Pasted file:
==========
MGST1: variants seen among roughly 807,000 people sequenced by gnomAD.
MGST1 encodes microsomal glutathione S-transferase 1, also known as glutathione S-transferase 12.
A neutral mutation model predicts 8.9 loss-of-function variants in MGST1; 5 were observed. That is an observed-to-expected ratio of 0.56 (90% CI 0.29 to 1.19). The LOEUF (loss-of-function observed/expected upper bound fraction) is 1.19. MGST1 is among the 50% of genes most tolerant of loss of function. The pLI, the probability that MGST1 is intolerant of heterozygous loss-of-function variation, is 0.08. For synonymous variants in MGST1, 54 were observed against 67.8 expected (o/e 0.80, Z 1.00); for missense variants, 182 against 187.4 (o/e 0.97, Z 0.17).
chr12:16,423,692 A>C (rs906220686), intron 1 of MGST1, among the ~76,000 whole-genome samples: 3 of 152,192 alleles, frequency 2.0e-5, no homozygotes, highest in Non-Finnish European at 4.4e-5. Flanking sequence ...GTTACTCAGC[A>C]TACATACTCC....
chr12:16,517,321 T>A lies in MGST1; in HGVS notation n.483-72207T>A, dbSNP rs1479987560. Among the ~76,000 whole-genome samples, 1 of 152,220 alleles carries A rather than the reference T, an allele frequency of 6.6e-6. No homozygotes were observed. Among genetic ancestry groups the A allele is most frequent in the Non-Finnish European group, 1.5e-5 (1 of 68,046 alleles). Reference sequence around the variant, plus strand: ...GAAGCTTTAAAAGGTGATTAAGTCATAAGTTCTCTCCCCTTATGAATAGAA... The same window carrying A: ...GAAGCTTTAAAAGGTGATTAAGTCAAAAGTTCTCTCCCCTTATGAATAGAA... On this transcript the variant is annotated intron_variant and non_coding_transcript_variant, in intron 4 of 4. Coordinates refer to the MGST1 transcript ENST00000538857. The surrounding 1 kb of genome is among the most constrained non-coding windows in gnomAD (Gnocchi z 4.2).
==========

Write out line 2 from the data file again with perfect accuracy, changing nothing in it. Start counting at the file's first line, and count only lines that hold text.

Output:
MGST1 encodes microsomal glutathione S-transferase 1, also known as glutathione S-transferase 12.